Book Review – Promised Land by Barack Obama


A Promised LandBarack Obama sees his elevation to the highest post of US president as a logical conclusion to the black minority struggle for legitimacy and equality within US. That is the reason he picked the title of his memoirs from the famous last speech of Martin Luther King Jr. On 3 April 1968, a day before he was murdered, King roared in Memphis, “We’ve got some difficult days ahead, but it really doesn’t matter with me now, because I’ve been to the mountaintop … I’ve seen the Promised Land. I may not get there with you. But I want you to know tonight, that we, as a people, will get to the Promised Land”.

Well Barrack’s United States was not exactly the Promised Land that Martin Luther King had imagined but with Barack Obama in the White House, it almost seemed achievable. I’ve read Barack’s previous books so was aware of his early struggles but still his perspective of those early days after becoming president is enlightening. Early success to Barack Obama did not come easy, he strived hard but once he decided to stand for the highest post of the land, everything aligned for his success and he unexpectedly saw himself almost pushed into the White House.

Barack has given an honest account of his days in the White House, the book covers only his first term but the reader can still grasp the intricacies of US politics and how even the supreme leader with veto powers cannot get his way through the long corridors of US Capitol. The bipartisan politics is bane of any US president but with a black president in White House it really became nasty and ultimately things deteriorated to an extend that led to the rise of someone like Trump who discredited the legacy of first Black US presidency.

In this memoir Barack Obama comes out as someone who can get the best minds to collaborate together for the greater good of US and world. Things most of the time did not go as planned but at all times brightest minds available were looking at the complex issues a US president has to deal with and decisions were being made with the best intelligence and information at hand. Barack inspired everyone around him, be it his treasury secretary or White House gardener or chef. He installed meritocracy within White House and best talent was promoted, he strived hard to get Hillary Clinton work for him or even kept Robert Gates in-spite of the ideological differences. That is the mark of a great leader, Barack ensured that while he is a ultimate arbitrator, decisions are being made across the table by eligible people who were trained and experienced enough to make those decisions.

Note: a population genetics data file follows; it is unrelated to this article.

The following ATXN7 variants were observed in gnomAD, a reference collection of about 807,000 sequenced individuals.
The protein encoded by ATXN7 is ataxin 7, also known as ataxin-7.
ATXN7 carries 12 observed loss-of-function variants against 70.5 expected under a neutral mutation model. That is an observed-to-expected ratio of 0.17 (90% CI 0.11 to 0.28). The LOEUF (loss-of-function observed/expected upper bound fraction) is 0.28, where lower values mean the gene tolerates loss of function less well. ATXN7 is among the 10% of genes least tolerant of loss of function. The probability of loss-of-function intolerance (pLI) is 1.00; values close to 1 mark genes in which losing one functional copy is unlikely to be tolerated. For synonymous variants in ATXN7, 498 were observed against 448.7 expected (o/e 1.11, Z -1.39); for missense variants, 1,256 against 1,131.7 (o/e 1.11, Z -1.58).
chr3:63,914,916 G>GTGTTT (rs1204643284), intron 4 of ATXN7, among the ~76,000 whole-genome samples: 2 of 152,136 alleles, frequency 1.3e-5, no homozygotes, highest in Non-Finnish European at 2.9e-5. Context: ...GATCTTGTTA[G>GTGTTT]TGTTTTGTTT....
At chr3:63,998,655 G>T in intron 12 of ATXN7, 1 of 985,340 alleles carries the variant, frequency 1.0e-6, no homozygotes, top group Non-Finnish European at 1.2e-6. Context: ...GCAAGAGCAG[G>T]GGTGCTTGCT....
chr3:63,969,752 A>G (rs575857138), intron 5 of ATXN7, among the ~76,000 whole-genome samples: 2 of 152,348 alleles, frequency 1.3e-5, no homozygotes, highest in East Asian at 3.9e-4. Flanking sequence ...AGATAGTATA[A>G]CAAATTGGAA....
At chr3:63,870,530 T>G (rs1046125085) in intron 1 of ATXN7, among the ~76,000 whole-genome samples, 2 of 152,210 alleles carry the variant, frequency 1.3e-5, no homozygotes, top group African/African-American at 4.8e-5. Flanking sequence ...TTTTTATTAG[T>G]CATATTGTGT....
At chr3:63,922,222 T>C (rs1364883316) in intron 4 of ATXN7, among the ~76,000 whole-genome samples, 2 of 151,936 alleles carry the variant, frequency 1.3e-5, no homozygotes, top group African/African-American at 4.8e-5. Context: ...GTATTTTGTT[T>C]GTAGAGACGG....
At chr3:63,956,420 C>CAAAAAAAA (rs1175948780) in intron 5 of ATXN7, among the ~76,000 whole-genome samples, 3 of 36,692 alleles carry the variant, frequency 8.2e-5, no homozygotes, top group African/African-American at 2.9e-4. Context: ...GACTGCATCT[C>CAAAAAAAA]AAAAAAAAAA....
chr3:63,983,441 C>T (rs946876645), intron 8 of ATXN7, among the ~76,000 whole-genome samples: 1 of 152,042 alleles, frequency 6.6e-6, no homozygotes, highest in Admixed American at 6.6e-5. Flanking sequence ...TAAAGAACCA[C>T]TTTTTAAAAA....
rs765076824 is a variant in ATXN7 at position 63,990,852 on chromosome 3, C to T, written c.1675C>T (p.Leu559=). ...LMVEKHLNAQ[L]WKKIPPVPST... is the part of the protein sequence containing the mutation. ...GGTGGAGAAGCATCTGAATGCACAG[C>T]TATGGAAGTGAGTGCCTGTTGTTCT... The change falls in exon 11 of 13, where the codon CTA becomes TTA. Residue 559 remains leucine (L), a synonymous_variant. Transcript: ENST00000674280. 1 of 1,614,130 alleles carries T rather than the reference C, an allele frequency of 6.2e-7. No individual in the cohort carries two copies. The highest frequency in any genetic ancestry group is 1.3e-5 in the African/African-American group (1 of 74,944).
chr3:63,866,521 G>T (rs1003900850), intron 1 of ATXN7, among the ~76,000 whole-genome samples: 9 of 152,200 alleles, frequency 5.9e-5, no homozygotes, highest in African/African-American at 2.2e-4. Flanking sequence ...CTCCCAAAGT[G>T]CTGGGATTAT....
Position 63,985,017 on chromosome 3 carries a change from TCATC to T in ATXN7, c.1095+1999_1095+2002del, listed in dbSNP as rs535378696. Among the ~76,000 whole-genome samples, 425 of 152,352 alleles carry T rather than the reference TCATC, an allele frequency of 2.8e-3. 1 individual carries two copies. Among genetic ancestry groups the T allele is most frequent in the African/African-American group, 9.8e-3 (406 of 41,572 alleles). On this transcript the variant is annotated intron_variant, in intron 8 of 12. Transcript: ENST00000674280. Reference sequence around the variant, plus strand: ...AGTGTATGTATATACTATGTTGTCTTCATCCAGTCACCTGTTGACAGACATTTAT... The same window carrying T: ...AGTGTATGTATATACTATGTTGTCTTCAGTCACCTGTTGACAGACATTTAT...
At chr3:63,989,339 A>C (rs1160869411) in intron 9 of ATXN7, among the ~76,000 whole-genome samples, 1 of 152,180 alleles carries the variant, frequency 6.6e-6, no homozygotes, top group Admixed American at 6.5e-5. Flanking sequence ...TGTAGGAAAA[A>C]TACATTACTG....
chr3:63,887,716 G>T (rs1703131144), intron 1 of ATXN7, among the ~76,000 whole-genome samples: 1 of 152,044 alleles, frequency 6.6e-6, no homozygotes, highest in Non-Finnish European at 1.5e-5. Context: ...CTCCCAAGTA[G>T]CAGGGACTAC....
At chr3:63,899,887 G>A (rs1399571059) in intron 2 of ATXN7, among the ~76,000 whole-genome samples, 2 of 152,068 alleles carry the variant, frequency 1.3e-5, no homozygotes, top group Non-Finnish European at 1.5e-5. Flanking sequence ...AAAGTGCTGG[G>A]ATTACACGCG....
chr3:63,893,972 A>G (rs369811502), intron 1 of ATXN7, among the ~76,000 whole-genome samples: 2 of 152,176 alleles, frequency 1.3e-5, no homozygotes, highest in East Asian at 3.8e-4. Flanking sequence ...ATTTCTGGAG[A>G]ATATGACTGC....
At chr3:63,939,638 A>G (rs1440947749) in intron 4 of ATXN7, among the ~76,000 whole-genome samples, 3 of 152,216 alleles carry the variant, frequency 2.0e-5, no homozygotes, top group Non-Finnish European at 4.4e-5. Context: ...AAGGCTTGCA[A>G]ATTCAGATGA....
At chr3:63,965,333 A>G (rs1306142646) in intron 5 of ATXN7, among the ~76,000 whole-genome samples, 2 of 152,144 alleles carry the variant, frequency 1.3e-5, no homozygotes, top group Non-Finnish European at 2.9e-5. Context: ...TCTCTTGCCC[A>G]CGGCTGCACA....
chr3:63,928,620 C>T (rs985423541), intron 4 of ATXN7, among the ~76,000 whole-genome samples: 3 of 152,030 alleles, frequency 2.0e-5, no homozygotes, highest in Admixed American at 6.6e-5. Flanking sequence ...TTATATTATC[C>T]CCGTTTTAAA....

I’ve read memoirs of previous presidents like Bill Clinton, Truman and others but this book provides the best peek to the mind of a US President and workings of US politics. I’m waiting eagerly to get my hands on the sequel of the book from one of the better US presidents.

View all my reviews

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European Commission proposes a trusted and secure Digital Identity for all Europeans

The Commission today proposed a framework for a European Digital Identity which will be available to all EU citizens, residents, and businesses in the EU. Citizens will be able to prove their identity and share electronic documents from their European Digital Identity wallets with the click of a button on their phone. They will be able to access online services with their national digital identification, which will be recognised throughout Europe. Very large platforms will be required to accept the use of European Digital Identity wallets upon request of the user, for example to prove their age. Use of the European Digital Identity wallet will always be at the choice of the user.

Margrethe Vestager, Executive Vice-President for a Europe Fit for the Digital Age said: “The European digital identity will enable us to do in any Member State as we do at home without any extra cost and fewer hurdles. Be that renting a flat or opening a bank account outside of our home country. And do this in a way that is secure and transparent. So that we will decide how much information we wish to share about ourselves, with whom and for what purpose. This is a unique opportunity to take us all further into experiencing what it means to live in Europe, and to be European.”

Commissioner for Internal Market Thierry Breton said: “EU citizens not only expect a high level of security but also convenience whether they are dealing with national administrations such as to submit a tax return or to enroll at a European university where they need official identification. The European Digital Identity wallets offer a new possibility for them to store and use data for all sorts of services, from checking in at the airport to renting a car. It is about giving a choice to consumers, a European choice. Our European companies, large and small, will also benefit from this digital identity, they will be able to offer a wide range of new services since the proposal offers a solution for secure and trusted identification services.”

The European Digital Identity framework           

Under the new Regulation, Member States will offer citizens and businesses digital wallets that will be able to link their national digital identities with proof of other personal attributes (e.g. driving licence, diplomas, bank account). These wallets may be provided by public authorities or by private entities, provided they are recognised by a Member State.

The new European Digital Identity Wallets will enable all Europeans to access services online without having to use private identification methods or unnecessarily sharing personal data. With this solution they will have full control of the data they share.